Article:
With more than 1 million apps available in the App Store, it can be difficult to decide what’s worth your money and what you can live without. Although $1.99 might not feel like a risky investment, those periodic impulse downloads can add up. Just consider the fact that 80 to 90 percent of all apps are eventually deleted.
Luckily, there are a few universal indicators of a great app versus a glitchy mess.
Quick: Your phone is dying, and you have about a minute to decide whether or not to download the app before you leave that Wi-Fi hotspot. A quick evaluation of any one of these factors can give you better insight into the true value of the app, but all of them together paint a clearer picture that ensures you’re getting your money’s worth.
If an app costs money, look for a free version first. Lots of apps offer a “lite” version that allows you to try out key features to determine whether an app fits your lifestyle.
The only time you should pay for an app is when you absolutely need the features the paid version offers and you’re familiar with the company making it.
Don’t just look at the average star rating. Take in the whole package. The more reviews an app has, the more likely the aggregate rating is accurate. Read a few of the actual comments in the reviews. Are the most critical reviews about quality, reliability, or something else? An app could have a negative rating just because of an iOS or Android issue that’s already been resolved in a recent update.
If you haven’t heard of a company, check out its website. As software companies gain experience and grow, they accumulate large catalogs of apps and games. How has their other software held up? Do they make regular updates to their apps? If a company has a track record of building good apps, it’s a strong bet that its next app will retain that level of quality.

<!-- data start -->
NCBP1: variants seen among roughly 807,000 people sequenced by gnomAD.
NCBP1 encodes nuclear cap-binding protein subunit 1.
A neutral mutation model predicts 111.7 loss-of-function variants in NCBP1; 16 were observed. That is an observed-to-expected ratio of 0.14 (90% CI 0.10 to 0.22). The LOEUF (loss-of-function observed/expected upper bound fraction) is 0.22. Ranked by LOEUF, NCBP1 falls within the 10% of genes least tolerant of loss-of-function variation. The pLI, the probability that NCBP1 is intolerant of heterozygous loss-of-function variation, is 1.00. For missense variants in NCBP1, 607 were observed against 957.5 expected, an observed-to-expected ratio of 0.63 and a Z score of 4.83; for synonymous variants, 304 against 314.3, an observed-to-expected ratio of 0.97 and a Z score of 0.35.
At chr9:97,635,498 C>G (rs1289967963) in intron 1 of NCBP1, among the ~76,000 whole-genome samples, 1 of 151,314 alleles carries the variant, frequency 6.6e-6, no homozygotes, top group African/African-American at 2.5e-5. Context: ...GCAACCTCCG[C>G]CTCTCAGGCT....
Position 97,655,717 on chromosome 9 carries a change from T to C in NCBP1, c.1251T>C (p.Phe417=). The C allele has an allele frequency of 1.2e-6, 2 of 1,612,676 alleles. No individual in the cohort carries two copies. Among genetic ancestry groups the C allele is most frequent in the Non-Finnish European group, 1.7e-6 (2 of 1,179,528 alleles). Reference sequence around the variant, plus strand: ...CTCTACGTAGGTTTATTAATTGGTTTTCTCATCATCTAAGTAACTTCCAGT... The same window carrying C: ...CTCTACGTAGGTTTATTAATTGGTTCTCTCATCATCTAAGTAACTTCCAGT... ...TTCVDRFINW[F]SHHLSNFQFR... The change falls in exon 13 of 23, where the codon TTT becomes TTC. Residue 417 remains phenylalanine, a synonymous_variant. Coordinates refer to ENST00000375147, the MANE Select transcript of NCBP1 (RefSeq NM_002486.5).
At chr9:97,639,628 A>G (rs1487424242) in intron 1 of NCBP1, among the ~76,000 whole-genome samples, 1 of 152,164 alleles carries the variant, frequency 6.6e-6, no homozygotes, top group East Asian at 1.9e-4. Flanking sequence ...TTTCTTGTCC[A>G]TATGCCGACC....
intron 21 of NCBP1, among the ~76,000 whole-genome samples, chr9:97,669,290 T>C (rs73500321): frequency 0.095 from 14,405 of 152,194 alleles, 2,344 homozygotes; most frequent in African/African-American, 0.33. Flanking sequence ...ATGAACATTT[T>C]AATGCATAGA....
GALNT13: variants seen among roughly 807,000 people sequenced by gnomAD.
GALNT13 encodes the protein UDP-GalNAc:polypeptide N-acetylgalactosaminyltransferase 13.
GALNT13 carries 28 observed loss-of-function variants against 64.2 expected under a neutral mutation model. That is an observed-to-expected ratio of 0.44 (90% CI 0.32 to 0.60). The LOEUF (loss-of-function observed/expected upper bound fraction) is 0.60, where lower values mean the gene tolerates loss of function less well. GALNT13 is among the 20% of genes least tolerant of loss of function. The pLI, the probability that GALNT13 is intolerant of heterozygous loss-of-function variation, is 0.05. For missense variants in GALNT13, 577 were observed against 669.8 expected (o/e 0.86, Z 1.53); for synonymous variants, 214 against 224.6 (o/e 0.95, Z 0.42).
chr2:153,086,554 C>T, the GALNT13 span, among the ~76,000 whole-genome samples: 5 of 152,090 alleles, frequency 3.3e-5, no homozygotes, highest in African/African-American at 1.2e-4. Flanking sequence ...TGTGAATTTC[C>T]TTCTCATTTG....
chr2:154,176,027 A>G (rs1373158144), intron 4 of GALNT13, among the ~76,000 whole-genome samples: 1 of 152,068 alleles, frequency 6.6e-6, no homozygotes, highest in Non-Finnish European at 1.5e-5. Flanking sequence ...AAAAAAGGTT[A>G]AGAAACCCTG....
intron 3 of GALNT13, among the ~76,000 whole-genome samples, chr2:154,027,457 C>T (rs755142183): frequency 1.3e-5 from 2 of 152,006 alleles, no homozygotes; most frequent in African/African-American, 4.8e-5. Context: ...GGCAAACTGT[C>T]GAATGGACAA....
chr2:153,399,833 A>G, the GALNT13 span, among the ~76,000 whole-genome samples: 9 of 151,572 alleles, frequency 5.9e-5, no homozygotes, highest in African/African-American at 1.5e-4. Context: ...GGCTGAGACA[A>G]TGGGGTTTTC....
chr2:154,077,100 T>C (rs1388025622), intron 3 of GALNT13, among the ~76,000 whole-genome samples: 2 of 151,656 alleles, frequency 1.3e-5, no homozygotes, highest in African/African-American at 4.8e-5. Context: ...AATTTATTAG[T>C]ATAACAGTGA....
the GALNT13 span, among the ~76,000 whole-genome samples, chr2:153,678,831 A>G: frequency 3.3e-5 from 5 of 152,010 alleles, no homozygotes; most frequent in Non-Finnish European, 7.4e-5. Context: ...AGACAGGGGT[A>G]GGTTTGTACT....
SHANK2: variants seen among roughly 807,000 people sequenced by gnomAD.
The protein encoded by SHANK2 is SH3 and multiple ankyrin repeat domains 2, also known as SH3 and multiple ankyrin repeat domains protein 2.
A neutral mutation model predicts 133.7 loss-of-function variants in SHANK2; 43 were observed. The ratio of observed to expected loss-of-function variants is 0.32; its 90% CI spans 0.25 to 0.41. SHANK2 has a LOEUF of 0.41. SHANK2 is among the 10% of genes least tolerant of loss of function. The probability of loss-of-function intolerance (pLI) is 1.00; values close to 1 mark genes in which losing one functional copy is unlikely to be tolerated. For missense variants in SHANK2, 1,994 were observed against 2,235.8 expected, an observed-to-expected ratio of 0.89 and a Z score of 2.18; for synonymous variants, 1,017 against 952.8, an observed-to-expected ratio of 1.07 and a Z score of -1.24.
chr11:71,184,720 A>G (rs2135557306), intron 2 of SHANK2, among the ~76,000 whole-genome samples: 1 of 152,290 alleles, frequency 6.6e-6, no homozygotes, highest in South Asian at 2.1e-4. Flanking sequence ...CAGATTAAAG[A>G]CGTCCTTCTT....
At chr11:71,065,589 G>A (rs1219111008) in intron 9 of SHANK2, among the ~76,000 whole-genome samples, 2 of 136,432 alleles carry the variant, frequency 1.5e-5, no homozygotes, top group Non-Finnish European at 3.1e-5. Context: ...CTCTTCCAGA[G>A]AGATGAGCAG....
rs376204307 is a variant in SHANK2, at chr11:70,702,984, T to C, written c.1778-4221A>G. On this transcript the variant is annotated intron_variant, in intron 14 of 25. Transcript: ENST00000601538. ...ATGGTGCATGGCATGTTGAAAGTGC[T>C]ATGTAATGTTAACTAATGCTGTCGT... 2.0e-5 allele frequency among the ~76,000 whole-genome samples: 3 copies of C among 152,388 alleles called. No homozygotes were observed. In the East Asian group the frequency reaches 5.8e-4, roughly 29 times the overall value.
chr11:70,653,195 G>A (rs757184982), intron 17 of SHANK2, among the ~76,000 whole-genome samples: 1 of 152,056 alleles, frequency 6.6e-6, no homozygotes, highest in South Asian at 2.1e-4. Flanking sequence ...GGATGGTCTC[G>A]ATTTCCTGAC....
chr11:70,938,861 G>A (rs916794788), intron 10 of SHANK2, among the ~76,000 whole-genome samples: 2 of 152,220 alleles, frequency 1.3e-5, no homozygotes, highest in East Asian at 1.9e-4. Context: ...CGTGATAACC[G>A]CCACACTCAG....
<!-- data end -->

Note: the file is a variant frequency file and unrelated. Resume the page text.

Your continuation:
Apps can drain your battery, even when your smartphone or tablet is asleep. When you fill your device with apps you never use, you have less space for pictures, videos, and music. It also slows your phone down considerably.
Before you buy an app, make sure it’s one you will use regularly. I use a little app called Genius Scan. It’s a very simple program that saves scans of documents as PDFs, which is very handy on the go. I started using the free version and then upgraded to the paid version, which allowed me to upload PDFs to the cloud. It’s incredibly simple, but the $3.99 I paid saved me the cost of buying a scanner.
Many apps ask you to log in with your Facebook or Twitter account. Use caution when doing this. It’s not worth exposing your personal information to a company simply to unlock another level in a game. Many games and apps ask for more access than they need and, once they have your information, it’s theirs forever.
If you’re uncomfortable with the access an app you’re downloading is asking for, don’t allow it. If it’s a necessary permission, you can always enable it later. Treat your personal information (including social media accounts) just like your Social Security number. Keep it safe.
With so many apps to choose from, it’s tempting to download a bunch on impulse just because they seem cool. But just because your friends are buzzing about an app doesn’t mean you need it on your phone. Listen to their recommendations, but also factor in user reviews and your own research. In the end, it’s not really about the $1.99 you pay–it’s about the valuable home screen real estate you’re giving up and the privacy you could be sacrificing.
Featured photo credit: Photo of an iPhone 5C/ Dedi Grigoroiu via shutterstock.com
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